Br George V Frances (former staff)
September 10, 2021
We extend our deepest condolences to the family of former Christian Brother George V Frances, who taught at SPC during the late 1960s.
George passed away on August 14, 2021 aged 92 years and is survived by his wife Louise and her seven children and their 13 grandchildren.
Br Frances joined the teaching staff at St Patrick’s in 1967, but he was no stranger to Ballarat, having earlier taught at St Patrick’s, Drummond Street and at St Alipius (where he conducted the winning South Street Choir of 1950). Br Frances came to SPC from the post of Director of Scholastics at the Congregation’s Teachers’ College (a task combined with that of Metropolitan Vocation Director). In his first year at SPC, he was responsible for Matriculation Christian Doctrine and Histories and the Leaving Maths.
He was on the teaching staff through until 1969. During his time, Br Frances was coach of the First XI Cricket Team, with his extremely disciplined approach taking the team to their first premiership triumph in many years. He was also coach of the 2nd XVIII Football Team, was a senior officer in the College Cadet Unit and in charge of the intermediate dormitory. He was also remembered for teaching senior histories and playing an active part in many apostolic groups.
Old Collegian Bob Dixon (SPC 1964-67, PY1968) remembered Br Frances taking him for religious education in his matriculation year in 1968 and “I credit him with being a major influence in the transformation of my naive faith into a robust and critical adult faith”.
Br Frances left St Patrick’s College to become Headmaster at St Joseph’s College in North Melbourne, before leaving the brotherhood and marrying Louise. George and Louise were devoted members of the Teams Movement for Married Couples (formerly known as the Teams of Our Lady) as well as the CatholicCare’s Marriage Preparation Programs and enjoyed their life together at Barwon Heads.
We thank Old Collegian and College Legend John Larkins (SPC 1961-67) for also penning this tribute to Br Frances.
“Rev Br G.V. Frances was a vivid character and a hard task master. He was also (in colloquial terms) a great bloke who treated his students like adults and expected them to behave accordingly.
I first met him in 1967 (his first year at SPC I believe). I had been a boarder at the college since 1961 and was a 17-year-old (somewhat reluctant) second year Matriculation student. Br Frances was appointed the First Xl Coach. I was Captain in the absence of my old opening partner (and better qualified) Peter Howley, who gained entry into a physiotherapy course early in first term. Peter was later very successful in his profession with his best known ‘patient’ being Steve Moneghetti.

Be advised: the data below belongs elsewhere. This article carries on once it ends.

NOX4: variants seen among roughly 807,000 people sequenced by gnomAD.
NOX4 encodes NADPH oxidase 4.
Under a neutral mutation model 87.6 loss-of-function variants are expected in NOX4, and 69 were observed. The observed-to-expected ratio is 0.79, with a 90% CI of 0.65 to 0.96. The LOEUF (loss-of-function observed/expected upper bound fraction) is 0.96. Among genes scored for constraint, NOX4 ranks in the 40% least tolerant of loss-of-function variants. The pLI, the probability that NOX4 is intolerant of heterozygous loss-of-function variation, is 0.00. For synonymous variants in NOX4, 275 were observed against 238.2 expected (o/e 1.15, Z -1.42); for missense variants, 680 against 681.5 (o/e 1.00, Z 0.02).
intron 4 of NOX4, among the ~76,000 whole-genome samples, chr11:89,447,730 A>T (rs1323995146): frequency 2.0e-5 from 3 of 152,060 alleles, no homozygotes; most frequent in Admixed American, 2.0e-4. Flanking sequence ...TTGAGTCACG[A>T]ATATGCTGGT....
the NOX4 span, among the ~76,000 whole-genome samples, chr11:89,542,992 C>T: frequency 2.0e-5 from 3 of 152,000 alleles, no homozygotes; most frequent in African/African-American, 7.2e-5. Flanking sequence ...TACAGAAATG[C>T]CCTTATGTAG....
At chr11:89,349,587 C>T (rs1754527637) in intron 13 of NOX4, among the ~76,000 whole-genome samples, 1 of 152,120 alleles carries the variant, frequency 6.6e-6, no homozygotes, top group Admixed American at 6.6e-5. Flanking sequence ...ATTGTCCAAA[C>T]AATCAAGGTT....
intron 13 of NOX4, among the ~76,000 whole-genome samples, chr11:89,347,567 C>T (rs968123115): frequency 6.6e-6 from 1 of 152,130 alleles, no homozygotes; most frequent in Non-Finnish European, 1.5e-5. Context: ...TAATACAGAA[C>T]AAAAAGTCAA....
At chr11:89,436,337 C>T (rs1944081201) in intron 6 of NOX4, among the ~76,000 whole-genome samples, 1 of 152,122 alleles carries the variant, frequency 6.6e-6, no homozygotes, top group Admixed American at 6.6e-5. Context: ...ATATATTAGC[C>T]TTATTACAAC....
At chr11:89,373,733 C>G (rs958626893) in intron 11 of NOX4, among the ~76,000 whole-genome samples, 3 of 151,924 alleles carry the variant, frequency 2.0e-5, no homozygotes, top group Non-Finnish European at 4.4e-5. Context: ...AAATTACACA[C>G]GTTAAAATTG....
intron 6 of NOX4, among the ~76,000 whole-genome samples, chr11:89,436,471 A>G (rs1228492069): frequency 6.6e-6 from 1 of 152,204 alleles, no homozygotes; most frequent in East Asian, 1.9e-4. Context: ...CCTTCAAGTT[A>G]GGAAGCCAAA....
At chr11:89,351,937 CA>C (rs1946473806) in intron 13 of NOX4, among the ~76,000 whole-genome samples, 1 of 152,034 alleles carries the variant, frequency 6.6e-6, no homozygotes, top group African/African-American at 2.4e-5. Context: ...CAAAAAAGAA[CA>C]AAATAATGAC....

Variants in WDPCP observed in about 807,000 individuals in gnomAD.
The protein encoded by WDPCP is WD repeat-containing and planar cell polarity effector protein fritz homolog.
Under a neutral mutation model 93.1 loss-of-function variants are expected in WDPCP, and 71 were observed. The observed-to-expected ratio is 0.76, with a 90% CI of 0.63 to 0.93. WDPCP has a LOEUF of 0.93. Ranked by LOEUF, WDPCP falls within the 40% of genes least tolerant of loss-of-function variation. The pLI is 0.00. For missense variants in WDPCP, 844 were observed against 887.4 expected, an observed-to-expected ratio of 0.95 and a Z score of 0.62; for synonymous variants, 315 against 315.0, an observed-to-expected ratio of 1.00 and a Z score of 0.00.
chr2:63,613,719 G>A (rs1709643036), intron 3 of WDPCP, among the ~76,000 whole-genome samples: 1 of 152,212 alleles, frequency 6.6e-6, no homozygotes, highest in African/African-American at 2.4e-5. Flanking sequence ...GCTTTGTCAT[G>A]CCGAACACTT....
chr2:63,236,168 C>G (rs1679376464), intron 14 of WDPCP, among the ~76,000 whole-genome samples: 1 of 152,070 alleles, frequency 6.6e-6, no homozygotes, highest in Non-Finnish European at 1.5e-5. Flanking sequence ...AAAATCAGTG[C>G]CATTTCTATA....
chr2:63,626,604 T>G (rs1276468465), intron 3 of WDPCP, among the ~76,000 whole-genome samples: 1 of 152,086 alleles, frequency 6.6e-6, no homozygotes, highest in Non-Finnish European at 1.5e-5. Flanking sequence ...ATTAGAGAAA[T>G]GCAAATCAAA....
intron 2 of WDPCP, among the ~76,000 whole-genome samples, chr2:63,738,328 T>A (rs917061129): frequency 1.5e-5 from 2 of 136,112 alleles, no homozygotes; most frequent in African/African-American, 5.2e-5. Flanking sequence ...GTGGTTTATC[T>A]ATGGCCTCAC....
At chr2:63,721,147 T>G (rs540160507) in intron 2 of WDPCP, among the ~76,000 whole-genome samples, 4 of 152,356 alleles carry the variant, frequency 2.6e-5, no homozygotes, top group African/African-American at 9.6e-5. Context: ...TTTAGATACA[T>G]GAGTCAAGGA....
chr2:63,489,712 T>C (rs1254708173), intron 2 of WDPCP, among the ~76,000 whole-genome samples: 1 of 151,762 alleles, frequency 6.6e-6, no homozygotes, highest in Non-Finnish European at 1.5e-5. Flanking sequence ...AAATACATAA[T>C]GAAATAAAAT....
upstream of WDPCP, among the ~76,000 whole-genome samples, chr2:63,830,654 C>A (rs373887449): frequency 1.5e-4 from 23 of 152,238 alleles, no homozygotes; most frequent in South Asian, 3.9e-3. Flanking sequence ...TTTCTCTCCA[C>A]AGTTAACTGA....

In contrast to the First XVIII, the cricket team had not, at that time, enjoyed much success in the BPS Competition and had routinely finished the cricket season at or near the bottom of the table.
Br Frances was having none of that and very quickly marshalled the cricket troops of ‘67. He also decided we had sufficient ability to win the premiership if properly disciplined and hard nosed in the quest for success. The term ‘troops’ is used advisedly as we soon became aware that Br Frances had a military bent as a coach.
Discipline was his byword, punctuality a key and a ‘no sooks’ policy was strictly enforced. Our bowling trump card was undoubtedly M.P.Hartley (the ‘Wombat’ of Bacchus Marsh) who relied on extreme pace as his main weapon. The Wombat could be a tempestuous character on field – his reaction on being no balled for overstepping was particularly colourful as those who witnessed and heard such reactions will remember. And there was plenty of talent in the batting as well but no one was permitted any slack or to get ahead of themselves by the coach.
That new order under Br Frances was unequivocally established during the practice match phase of the season. After a totally unexpected victory over Ballarat High School West, we were marched out onto the Main Oval for extended fielding practice supervised by our steely eyed coach. I well remember the astonished faces of our opponents as they were leaving the college. It was a clear message that times had changed for SPC cricket.
The season continued in much the same way. After one unsatisfactory but still winning performance, I was ‘stood down’ as captain only to be saved by the support of Vice Captain Gavan Tellefson who nobly refused to take my place. By the end of the season, we had been indoctrinated with such resilience by our coach that we could win from any position. This included one game against a very talented Ballarat East High who bowled us out on a bleak (there were no sight boards in those days) Ballarat Wednesday afternoon for 37 (which included a first ball duck by the skipper). In reply, aided by a lightning spell from the school end by the Wombat, our opponents were dismissed for 27! In the end, we won that match outright but only after a titanic struggle with a last wicket partnership almost successful in dragging East High over the line.
Some of these memories should not be considered entirely reliable given they relate to a period over fifty years ago and inevitably suffer from the nostalgia associated with a very happy boyhood experience. I also had a deadline to meet! Corrections and comments welcome.
They also constitute just one perspective of a wonderful man who was a great mentor of those cricket boys of ‘67. The deep impression he made on us all remains as vivid now as it was then and we were and are all the better for his profound influence and care.”